James Wright Returns to Minneapolis

I spotted him on the corner of Lake and Cedar, the cemetery across the road streaked with snow, its gravestones surrounded by a black fence that kept anyone from seeing what was really there. James Wright was back in Minneapolis, waiting for the bus to St. Paul. I pulled over and parked my car, got out and waited for the light to turn green. He stared straight ahead and grew smaller in his coat as I approached.

We stood alone at the bus stop as I said, “James. James Wright?” He turned to me and I saw the scar at his throat, white whiskers frozen to his face, his poem about the Indian with a hook for a hand coming to me as he shook his head without a word. “James, it’s you,” I said and wanted to hug him. A bus passed, but it wasn’t the right one and he looked down at his dirty shoes like a professor caught in some act.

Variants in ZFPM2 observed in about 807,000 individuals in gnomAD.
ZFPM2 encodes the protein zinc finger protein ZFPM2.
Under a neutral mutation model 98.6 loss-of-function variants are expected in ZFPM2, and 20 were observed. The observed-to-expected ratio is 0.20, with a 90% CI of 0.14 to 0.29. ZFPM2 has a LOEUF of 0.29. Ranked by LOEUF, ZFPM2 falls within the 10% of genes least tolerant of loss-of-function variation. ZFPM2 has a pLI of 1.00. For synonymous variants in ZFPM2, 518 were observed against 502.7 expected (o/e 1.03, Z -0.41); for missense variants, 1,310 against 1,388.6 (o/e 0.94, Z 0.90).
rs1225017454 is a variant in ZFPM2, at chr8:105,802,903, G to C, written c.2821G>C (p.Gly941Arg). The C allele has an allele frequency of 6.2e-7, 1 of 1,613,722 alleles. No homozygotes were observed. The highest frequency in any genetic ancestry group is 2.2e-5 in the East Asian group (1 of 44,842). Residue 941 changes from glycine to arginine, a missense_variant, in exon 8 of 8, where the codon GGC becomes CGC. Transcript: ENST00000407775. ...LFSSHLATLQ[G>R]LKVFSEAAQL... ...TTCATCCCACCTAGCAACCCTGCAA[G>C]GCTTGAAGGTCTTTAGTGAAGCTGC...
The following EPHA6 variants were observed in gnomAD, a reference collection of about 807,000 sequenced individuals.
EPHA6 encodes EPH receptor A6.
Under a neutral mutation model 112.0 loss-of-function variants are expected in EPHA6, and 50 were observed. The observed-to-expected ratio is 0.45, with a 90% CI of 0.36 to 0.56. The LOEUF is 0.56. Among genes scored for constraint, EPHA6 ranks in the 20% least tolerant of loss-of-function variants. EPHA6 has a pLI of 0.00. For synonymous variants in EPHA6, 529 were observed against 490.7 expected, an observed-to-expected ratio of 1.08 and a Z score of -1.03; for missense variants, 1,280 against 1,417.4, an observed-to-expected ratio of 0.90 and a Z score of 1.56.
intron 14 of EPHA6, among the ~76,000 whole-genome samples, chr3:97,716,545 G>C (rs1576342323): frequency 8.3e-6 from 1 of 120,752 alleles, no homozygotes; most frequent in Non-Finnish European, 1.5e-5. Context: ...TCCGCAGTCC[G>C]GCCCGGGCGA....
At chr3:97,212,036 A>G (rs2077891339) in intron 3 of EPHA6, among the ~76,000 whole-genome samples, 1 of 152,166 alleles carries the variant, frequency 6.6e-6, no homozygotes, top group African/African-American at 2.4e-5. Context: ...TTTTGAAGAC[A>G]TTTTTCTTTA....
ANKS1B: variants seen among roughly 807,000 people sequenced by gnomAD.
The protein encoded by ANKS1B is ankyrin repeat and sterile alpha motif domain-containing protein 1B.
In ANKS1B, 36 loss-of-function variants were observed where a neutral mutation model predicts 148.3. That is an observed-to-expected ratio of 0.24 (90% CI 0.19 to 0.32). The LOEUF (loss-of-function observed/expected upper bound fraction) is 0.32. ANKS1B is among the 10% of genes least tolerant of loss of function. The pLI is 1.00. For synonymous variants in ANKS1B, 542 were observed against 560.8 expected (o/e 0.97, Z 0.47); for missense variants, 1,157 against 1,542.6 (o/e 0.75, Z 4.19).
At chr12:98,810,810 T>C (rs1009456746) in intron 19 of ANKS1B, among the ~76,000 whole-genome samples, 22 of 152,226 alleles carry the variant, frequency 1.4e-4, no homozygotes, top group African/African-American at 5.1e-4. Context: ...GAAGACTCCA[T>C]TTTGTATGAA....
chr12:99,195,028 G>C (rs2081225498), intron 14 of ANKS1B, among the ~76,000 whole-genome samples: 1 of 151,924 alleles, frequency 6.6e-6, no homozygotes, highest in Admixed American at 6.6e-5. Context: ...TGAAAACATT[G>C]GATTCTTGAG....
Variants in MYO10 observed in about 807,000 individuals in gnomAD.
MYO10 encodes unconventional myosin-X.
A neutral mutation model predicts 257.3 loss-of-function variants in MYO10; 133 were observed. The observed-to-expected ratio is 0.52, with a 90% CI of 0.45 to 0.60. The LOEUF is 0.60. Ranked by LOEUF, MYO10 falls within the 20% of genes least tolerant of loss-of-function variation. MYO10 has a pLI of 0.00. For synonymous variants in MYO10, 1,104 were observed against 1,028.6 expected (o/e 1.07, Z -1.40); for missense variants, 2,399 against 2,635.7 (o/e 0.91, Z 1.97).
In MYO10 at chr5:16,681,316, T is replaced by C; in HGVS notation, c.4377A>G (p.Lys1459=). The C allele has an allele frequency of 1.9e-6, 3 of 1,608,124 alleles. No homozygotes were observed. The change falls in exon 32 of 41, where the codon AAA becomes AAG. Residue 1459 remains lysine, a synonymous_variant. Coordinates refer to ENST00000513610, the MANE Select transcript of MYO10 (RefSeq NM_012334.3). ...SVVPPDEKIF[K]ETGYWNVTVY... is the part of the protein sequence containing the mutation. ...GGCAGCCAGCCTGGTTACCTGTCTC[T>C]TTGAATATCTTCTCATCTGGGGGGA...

“James, what are you doing here?” I asked. He looked up at me and pushed his eyeglasses farther on his nose. “Do you remember when I waited for the bus and the Indian came by and dropped a coin into my paw?” I said nothing because it was that poem. James smiled to himself and shrugged. “I forgot to thank him,” he told me. “I got on the bus without saying goodbye.”

I didn’t know what to say and stood there with James Wright, his poem trying to take this encounter away. We waited for his bus in silence, but it never came. He waved off each one that passed by, acting as if I wasn’t there. “Can I give you a ride?” I finally asked. James Wright turned to me and whispered, “That’s what did it. The guy had a hook.” He held his bare, right hand up in the cold air, reached into his left coat pocket with the other hand and gave me a dollar bill. “Goodbye,” he said and I took the money as James Wright started walking toward Minneapolis, his back turned to the rows of the dead.

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